Sunday 27 February 2011

René Thomas with Eddie Louiss and Kenny Clarke

Another great find, René playing his composition Meeting with some wonderful drumming from the great Kenny Clarke and great, single chorus of fours traded between all three. The band is on fire - about half way through traces of smoke appear from nowhere . . .

René Thomas - guitar
Eddie Louiss - organ
Kenny Clarke - drums

René Thomas - All Morning Long (Red Garland)

Nice live recording of Rene on this blues from 1961. Gives me confidence that you don't have to play chord harmony in a trio format. Single notes played like this are just fine.

René Thomas (g); Benoît Quersin (b); José Bourguignon (d)
Recorded June 30, 1961, Comblain-La-Tour, Belgium

Thursday 24 February 2011

Jazz Guitar Celebration with Andy Williams in Hastings

Tuesday night's gig in Hastings was fun. Roger Carey (bass) and Dave Trigwell (drums) were very accommodating and I particularly enjoyed listening to, and duetting with, Andy Williams. Andy is a fine, accomplished guitarist and his set nodded to such great guitarists as Django (a lovely solo arrangement of Nuages), Jack Wilkins (his arrangement of Chick Corea's Windows) and John Scofield (his composition Still Warm). The highlight for me was playing with Andy on the last two numbers - Skylark and Blues in the Closet. I didn't manage to record them, but I did manage to get the first set - Soul Eyes with Roger and Dave, then joined by Andy for How Insensitive (with a nod to Emily Remler and Larry Coryell) and a duet version of My Funny Valentine (Jim Hall and Bill Evans).

Friday 18 February 2011

Recent gigs: Tony Kofi, Tractor Factor, Julian Nicholas

It must be daunting playing with a pick-up rhythm section. Tony Kofi's band for Sunday night (13th Feb) at The Bruswick was Spike Wells  (drums), Nigel Thomas (Bass) and Mark Edwards (piano). With Tony exclusively on tenor everyone was playing on top form but it was several numbers in, when they launched into Miles' Milestones (the older tune of that name) that the band really gelled. It's an interesting, intricate set of changes that Tony weaved in and out of with energy and grace. This was followed by a very funky version of Freedom Jazz Dance with some fine playing from Mark Edwards. Spike Wells was enjoying himself, chuckling as he played and Nigel Thomas laid down a very strong groove throughout, interacting beautifully with Spike and Mark. The second set kept the standard high with tunes such as Sometime Ago and Relaxin at Camerillo. Tony peppers his playing with quotes - Can't Buy Me Love cropped up several times - and a highlight was a favourite tune of mine at the moment, Jimmy Rowles' The Peacocks. A great gig overall and a really good turnout for a Sunday night. Worth looking out for his gig at the Brighton Jazz Club later in the year when he will be performing the music of Eric Dolphy with his own band.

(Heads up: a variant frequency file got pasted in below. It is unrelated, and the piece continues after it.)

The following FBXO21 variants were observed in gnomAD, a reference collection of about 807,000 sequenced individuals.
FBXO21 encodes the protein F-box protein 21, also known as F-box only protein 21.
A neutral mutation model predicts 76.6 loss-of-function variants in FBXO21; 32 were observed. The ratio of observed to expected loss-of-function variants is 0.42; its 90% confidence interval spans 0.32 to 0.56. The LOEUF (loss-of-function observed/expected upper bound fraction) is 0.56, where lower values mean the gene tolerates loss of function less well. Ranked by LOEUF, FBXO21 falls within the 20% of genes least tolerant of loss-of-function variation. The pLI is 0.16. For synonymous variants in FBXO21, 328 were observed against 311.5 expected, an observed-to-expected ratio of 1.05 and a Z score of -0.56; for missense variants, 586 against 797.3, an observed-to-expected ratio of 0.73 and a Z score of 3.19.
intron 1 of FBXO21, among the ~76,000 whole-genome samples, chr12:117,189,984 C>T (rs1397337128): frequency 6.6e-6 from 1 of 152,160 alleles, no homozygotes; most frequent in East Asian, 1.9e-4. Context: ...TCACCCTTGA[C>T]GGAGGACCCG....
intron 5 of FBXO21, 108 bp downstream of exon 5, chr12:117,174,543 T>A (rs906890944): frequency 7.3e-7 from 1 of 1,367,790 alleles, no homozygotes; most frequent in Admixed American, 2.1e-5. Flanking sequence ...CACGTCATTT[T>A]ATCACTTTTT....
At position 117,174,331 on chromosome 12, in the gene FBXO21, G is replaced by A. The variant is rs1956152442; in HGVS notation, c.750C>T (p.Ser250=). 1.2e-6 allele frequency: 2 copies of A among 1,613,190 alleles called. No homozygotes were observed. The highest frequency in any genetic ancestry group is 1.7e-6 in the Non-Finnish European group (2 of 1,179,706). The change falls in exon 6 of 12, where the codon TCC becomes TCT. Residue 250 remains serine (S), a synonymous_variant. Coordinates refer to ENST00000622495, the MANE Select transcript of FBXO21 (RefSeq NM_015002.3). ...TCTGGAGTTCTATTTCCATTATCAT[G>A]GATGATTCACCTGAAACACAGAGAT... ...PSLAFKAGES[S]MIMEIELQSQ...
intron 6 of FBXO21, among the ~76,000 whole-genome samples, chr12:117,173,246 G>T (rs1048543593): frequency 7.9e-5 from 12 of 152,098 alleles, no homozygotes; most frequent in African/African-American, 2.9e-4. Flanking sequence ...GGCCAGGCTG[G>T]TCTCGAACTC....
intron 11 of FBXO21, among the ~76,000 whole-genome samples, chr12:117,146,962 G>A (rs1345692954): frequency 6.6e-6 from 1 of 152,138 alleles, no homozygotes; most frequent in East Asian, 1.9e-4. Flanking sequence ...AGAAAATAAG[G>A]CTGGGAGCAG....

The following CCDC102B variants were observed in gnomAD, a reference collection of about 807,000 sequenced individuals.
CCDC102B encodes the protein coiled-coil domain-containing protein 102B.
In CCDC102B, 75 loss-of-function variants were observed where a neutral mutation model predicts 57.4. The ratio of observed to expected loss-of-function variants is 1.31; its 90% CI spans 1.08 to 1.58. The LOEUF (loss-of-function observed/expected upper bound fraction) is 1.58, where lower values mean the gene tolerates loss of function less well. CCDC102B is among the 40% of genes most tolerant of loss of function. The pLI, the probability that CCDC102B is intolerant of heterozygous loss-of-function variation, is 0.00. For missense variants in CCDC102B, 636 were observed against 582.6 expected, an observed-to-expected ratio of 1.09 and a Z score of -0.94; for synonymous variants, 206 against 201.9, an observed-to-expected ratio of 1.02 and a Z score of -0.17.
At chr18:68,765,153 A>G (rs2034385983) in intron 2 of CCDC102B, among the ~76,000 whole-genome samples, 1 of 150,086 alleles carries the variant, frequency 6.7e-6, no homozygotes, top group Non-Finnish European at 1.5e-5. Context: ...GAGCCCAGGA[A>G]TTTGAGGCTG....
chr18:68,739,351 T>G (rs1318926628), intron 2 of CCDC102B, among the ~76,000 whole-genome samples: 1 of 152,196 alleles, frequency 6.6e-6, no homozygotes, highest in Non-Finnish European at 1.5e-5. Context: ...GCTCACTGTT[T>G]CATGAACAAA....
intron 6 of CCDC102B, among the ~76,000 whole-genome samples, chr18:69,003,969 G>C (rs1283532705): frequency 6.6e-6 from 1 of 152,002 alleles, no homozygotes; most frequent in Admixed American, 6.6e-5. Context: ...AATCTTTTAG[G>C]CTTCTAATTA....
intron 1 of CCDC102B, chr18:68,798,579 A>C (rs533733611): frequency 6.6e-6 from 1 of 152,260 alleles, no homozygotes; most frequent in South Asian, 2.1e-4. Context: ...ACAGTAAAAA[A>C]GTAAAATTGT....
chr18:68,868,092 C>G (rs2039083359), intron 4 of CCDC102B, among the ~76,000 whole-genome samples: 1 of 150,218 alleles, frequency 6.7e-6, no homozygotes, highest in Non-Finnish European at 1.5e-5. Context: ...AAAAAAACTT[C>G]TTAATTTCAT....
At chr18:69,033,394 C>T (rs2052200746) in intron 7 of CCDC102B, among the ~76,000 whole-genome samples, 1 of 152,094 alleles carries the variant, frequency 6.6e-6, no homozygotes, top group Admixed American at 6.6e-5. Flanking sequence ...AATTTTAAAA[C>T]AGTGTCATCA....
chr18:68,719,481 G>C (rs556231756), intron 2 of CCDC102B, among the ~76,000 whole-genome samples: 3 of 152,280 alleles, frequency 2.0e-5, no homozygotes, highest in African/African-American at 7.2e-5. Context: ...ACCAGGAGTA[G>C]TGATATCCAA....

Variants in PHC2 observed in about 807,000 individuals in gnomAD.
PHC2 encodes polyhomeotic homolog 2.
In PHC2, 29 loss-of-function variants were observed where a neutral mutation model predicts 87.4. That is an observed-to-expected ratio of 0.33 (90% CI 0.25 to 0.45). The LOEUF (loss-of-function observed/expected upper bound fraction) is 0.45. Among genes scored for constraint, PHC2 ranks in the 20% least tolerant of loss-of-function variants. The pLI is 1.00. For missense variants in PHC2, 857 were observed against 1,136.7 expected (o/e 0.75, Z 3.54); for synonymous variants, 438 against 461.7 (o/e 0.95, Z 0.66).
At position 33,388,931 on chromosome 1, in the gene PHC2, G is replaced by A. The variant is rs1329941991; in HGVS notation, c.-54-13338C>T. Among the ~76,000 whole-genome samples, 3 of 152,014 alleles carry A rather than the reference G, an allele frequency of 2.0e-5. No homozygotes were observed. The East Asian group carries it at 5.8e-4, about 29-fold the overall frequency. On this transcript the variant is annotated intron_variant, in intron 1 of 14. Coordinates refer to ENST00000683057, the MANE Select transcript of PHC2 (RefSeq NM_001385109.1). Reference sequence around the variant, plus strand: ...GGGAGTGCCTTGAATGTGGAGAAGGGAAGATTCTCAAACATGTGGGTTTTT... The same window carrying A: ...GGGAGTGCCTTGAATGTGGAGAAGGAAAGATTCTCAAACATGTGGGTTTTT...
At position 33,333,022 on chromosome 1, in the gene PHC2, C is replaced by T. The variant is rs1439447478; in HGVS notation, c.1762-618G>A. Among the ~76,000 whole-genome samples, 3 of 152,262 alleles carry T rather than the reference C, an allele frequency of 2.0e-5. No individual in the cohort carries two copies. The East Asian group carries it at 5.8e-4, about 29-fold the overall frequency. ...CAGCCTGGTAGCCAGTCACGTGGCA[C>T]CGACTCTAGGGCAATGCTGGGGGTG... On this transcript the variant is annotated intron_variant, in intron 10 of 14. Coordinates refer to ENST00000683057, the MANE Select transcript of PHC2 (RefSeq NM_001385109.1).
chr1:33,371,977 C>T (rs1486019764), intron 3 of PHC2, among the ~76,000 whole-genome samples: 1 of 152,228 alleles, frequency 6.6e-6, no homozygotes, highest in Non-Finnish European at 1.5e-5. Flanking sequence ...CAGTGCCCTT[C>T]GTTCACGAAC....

The previous Thursday (10th Feb) I saw Tractor Factor at the tiny Bees Mouth on Western Road. The band is Luke Rattenbury (guitar), Tristan Banks (drums) and Andre Fry (drums). This was the band that appeared at the kineojazz event last year with Liane Carroll. They locked together into a very tight groove. Tristan laying down the foundations, Andre glueing the changes together with a very tasteful choice of notes and Luke bubbling away on top, providing the heads, funky rhythm guitar and some very percussive soloing. The band focused on getting stuck right into the guts of the rhythm. Of the material I recognised, there was one (possibly two) Ernest Ranglin tune, a Charlie Hunter tune and their take on Nardis. The fact that there were so many musicians in the audience, shows that the band is already highly respected by their peers locally. They deserve to be playing a lot more gigs.

The week before that (3rd Feb) I was amongst the well-heeled residents of Rottingdean for a Rottingdean Jazz Club gig with guest Julian Nicholas. The monthly gig is run by singer Imogen Ryall and pianist Rod Hart in a room above The Plough Inn. It's a fairly polite affair but some great playing from the whole band. Dave Trigwell played beautifully - his approach is almost balletic as it's graceful and refined - and Nigel Thomas played some very melodic bass solos. It was the first time I had heard Rod Hart and I enjoyed his playing a lot  - reminding me at times of the West Coast bebop classicists like Hampton Hawes and the young Andre Previn. Imogen has the ability to make the words of a song matter, particularly on Kenny Wheeler's Everybody's Song But My Own. Julian Nicholas played tastefully throughout, although at times it felt as though he could have pushed it a bit further and broken through the atmosphere of polite dining. Imogen and Rod have done a great job of selling out the venue and it's worth checking out what else is coming up soon on their website: